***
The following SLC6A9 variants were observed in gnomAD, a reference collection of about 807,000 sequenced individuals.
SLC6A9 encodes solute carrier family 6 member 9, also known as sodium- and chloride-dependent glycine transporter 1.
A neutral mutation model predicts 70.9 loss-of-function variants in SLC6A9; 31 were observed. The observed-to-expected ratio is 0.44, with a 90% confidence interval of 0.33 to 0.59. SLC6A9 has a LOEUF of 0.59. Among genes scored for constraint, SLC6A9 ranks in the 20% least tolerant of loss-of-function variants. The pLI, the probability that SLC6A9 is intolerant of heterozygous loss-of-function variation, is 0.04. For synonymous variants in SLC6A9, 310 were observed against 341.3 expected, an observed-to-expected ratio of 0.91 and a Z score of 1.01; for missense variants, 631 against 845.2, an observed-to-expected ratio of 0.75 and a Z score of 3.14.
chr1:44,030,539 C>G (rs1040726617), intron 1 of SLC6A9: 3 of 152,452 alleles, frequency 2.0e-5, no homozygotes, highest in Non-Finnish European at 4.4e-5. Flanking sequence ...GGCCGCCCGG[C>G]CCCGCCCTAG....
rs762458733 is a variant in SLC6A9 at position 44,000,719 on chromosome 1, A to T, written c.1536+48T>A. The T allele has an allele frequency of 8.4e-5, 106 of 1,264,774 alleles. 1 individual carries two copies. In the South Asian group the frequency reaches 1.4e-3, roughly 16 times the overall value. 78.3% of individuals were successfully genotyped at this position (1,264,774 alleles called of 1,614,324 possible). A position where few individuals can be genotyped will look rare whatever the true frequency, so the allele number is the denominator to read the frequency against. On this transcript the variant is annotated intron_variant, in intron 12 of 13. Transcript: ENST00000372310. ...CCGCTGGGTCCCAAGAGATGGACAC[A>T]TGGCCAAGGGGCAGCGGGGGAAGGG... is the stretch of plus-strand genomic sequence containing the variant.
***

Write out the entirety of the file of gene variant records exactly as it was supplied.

The following SLC6A9 variants were observed in gnomAD, a reference collection of about 807,000 sequenced individuals.
SLC6A9 encodes solute carrier family 6 member 9, also known as sodium- and chloride-dependent glycine transporter 1.
A neutral mutation model predicts 70.9 loss-of-function variants in SLC6A9; 31 were observed. The observed-to-expected ratio is 0.44, with a 90% confidence interval of 0.33 to 0.59. SLC6A9 has a LOEUF of 0.59. Among genes scored for constraint, SLC6A9 ranks in the 20% least tolerant of loss-of-function variants. The pLI, the probability that SLC6A9 is intolerant of heterozygous loss-of-function variation, is 0.04. For synonymous variants in SLC6A9, 310 were observed against 341.3 expected, an observed-to-expected ratio of 0.91 and a Z score of 1.01; for missense variants, 631 against 845.2, an observed-to-expected ratio of 0.75 and a Z score of 3.14.
chr1:44,030,539 C>G (rs1040726617), intron 1 of SLC6A9: 3 of 152,452 alleles, frequency 2.0e-5, no homozygotes, highest in Non-Finnish European at 4.4e-5. Flanking sequence ...GGCCGCCCGG[C>G]CCCGCCCTAG....
rs762458733 is a variant in SLC6A9 at position 44,000,719 on chromosome 1, A to T, written c.1536+48T>A. The T allele has an allele frequency of 8.4e-5, 106 of 1,264,774 alleles. 1 individual carries two copies. In the South Asian group the frequency reaches 1.4e-3, roughly 16 times the overall value. 78.3% of individuals were successfully genotyped at this position (1,264,774 alleles called of 1,614,324 possible). A position where few individuals can be genotyped will look rare whatever the true frequency, so the allele number is the denominator to read the frequency against. On this transcript the variant is annotated intron_variant, in intron 12 of 13. Transcript: ENST00000372310. ...CCGCTGGGTCCCAAGAGATGGACAC[A>T]TGGCCAAGGGGCAGCGGGGGAAGGG... is the stretch of plus-strand genomic sequence containing the variant.